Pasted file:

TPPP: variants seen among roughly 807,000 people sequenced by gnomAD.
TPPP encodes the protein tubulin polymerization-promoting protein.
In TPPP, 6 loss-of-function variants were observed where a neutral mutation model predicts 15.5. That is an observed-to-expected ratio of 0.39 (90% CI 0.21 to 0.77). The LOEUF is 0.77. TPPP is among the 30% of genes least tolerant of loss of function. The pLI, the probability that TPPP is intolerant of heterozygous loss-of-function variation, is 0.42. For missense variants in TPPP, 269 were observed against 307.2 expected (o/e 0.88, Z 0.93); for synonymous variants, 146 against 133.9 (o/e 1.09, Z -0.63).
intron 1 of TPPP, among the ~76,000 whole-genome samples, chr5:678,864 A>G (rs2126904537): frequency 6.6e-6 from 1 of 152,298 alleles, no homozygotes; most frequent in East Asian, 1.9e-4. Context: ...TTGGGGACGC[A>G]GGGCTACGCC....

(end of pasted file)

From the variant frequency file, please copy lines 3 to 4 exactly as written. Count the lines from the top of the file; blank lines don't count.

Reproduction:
In TPPP, 6 loss-of-function variants were observed where a neutral mutation model predicts 15.5. That is an observed-to-expected ratio of 0.39 (90% CI 0.21 to 0.77). The LOEUF is 0.77. TPPP is among the 30% of genes least tolerant of loss of function. The pLI, the probability that TPPP is intolerant of heterozygous loss-of-function variation, is 0.42. For missense variants in TPPP, 269 were observed against 307.2 expected (o/e 0.88, Z 0.93); for synonymous variants, 146 against 133.9 (o/e 1.09, Z -0.63).
intron 1 of TPPP, among the ~76,000 whole-genome samples, chr5:678,864 A>G (rs2126904537): frequency 6.6e-6 from 1 of 152,298 alleles, no homozygotes; most frequent in East Asian, 1.9e-4. Context: ...TTGGGGACGC[A>G]GGGCTACGCC....